But if you try to build a great app, you get feedback on it, you improve it and when you know you have something then you push on the marketing side. I might lose customers, but don’t come and don’t try to hire someone to do your video if you’re not sure that you have people that already love your app and you need the marketing push. It’s useless to push an app and do a lot of marketing, and spend money on advertising if you’re not sure that you have people that love your app, and that you can grow that.

Chris: Yeah. The goal isn’t to get downloads. The goal is to get retention right, and monetization right, and then you go crazy.

Sylvain Gauchet:         Exactly. And I think that’s something that more and more people are understanding, which is going to make it harder too. But I don’t know if I answered your question, David.

Chris: No, that’s perfect. Or did David have a different one? I don’t know, I think that was perfect. You know, it reminds me of a couple of things that David and I talked about a couple episodes ago, which is one, don’t fall in love with your app. That’s a sure way to ruin your business.

Sylvain Gauchet:         Yeah, I saw that. Yes.

Chris: And that the flipside of that is fail fast, you know? Learn. Get some MVPs out there, and get in the hands of users, and do some learning. You don’t need to make a bunch of money on your first release. I plug App Jetpack probably too much. And, Sylvain Gauchet, you probably don’t know about it yet, but I have this app diagnostic tool coming out, which basically encourages developers and publishers to go beyond just ASO and first version. Do some learning, and evaluate your analytics and retention, and really take a look at what’s going on in your app and how to improve it. And I agree with you. I think more people are going in that direction, because they have to. You can’t just throw stuff at the wall and hope it sticks, which seems to be the approach.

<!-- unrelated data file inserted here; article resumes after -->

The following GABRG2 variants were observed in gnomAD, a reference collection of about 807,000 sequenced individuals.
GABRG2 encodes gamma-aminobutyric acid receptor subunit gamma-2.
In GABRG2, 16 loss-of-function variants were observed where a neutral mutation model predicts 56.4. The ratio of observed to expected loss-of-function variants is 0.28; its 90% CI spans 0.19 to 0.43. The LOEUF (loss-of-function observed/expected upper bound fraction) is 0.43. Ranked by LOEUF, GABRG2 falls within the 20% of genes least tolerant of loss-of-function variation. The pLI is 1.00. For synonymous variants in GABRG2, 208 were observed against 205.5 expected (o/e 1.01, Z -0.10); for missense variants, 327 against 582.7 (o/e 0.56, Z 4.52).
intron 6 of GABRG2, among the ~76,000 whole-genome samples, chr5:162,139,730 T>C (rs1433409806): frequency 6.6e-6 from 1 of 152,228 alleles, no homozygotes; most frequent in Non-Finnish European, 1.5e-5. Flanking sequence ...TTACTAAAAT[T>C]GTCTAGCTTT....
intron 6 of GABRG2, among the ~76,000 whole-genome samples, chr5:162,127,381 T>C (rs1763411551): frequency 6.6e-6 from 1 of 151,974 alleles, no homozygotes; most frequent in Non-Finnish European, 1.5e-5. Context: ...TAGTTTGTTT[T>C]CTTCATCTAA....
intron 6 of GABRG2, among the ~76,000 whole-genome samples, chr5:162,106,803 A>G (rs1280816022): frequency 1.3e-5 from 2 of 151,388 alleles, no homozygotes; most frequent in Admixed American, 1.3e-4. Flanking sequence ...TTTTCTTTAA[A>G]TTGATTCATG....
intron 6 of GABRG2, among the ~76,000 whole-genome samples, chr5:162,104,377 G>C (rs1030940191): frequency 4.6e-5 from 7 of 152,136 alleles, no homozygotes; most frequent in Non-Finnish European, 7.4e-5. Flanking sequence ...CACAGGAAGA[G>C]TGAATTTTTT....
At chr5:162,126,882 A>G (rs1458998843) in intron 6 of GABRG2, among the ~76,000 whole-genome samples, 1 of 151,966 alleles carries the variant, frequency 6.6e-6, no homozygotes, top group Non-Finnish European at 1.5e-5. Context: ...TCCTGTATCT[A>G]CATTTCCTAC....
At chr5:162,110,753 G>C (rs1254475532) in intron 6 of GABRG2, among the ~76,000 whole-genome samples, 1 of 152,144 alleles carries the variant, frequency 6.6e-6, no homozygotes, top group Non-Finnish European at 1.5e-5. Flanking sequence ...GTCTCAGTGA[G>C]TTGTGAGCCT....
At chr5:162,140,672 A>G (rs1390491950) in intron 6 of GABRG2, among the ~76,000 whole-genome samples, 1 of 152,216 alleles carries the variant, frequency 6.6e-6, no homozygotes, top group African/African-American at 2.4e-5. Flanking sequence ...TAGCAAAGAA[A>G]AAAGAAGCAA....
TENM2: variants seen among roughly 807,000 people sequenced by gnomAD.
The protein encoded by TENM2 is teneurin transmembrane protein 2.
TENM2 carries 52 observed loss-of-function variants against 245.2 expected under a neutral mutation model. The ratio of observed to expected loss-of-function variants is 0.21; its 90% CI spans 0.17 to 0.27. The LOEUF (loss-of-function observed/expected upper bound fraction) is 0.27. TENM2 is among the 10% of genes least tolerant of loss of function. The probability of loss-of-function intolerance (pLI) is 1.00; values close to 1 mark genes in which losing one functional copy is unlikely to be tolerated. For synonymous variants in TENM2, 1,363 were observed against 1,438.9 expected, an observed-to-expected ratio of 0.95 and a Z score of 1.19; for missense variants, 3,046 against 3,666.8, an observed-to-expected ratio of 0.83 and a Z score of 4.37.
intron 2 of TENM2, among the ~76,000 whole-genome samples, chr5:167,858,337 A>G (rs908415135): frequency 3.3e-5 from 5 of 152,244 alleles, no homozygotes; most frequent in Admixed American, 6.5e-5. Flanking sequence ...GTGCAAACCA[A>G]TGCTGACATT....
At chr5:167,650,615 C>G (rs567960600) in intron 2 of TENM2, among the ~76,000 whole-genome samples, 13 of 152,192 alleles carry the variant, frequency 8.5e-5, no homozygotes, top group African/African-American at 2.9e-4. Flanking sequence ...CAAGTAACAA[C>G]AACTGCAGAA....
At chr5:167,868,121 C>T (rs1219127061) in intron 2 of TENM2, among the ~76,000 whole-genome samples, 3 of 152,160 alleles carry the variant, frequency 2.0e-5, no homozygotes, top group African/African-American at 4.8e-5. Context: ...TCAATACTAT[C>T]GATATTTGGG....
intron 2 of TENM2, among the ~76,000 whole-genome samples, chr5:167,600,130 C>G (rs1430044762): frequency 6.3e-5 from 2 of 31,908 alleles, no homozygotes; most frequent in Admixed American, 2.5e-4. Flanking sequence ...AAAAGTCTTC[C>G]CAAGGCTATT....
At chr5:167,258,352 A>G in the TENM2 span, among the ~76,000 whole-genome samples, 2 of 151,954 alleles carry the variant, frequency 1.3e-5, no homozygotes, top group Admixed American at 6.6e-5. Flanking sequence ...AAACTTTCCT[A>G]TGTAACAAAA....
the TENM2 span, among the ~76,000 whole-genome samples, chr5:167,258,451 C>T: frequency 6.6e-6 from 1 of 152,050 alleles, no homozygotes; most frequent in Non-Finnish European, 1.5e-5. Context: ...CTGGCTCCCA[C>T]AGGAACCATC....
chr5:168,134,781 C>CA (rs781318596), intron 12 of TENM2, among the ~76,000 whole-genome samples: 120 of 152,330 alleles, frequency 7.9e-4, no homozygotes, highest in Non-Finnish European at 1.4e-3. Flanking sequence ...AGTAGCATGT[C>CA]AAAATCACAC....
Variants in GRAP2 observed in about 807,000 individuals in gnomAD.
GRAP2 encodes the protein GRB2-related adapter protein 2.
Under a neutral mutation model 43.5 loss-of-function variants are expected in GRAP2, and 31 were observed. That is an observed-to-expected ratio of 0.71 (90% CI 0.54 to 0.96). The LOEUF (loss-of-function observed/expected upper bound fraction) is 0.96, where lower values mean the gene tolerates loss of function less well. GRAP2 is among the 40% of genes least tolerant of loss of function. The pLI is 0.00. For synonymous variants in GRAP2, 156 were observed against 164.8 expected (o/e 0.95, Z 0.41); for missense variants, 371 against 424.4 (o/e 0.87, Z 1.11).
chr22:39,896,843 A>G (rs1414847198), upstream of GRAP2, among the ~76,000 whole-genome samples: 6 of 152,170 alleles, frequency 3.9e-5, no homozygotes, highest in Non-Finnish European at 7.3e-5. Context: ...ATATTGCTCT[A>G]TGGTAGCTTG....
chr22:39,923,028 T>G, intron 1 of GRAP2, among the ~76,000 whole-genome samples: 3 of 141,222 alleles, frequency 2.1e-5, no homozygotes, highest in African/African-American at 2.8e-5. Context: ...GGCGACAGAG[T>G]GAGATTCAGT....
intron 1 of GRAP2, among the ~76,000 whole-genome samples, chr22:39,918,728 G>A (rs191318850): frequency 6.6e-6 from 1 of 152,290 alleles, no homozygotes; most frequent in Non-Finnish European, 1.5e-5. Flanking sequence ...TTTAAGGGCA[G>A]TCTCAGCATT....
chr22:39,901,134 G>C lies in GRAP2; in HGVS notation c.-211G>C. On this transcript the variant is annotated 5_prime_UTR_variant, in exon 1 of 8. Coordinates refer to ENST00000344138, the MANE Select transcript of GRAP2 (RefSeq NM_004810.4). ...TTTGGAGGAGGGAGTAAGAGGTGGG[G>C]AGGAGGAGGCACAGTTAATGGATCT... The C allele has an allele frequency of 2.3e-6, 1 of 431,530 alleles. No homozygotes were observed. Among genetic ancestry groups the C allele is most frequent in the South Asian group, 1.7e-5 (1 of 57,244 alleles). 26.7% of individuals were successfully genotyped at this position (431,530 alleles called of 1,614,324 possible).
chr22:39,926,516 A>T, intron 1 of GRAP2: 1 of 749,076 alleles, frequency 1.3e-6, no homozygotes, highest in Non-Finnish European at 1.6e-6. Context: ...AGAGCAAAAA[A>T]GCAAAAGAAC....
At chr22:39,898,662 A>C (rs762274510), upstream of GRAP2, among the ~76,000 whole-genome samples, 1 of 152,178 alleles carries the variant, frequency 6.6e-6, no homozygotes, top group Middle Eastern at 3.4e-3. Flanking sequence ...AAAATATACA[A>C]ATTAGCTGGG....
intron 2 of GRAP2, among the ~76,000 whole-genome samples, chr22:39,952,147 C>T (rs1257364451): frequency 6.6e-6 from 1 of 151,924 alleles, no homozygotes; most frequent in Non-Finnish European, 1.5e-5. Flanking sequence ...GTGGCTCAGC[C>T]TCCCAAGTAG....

Sylvain Gauchet:         Yes, but mostly because of all those, maybe cliché, or expectations for people who go, “I have that great idea for an app. I’m going to build it and it’s going to blow up.” But usually, it’s not going to work like that. It’s going to take a lot of hard work.

And in terms of change, I think that people … Another thing that they’ll pursue, definitely keeping an eye on what’s coming up. And I’m thinking about wearables… If you see something, some kind of innovation, and you think your app, or you think about an idea for an app that will take advantage of that, and you’re one of the first to build it…

Android and Google is working on a watch with Motorola, I think. And they already put out the design guidelines. They already have the promo videos that show what you can do with it, and those are the things that if you spot them, and if you’re one of the first doing that, you can also take advantage of it, get featured. Same things when iOS launches or iOS 8 is going to launch, there’s going to be innovation. So if you’re right there and ready to jump into it, you might get some additional exposure as well. So I think you definitely need to get feedback from people, and try to stay as much possible up to date of what’s coming up. So that you can be a step ahead.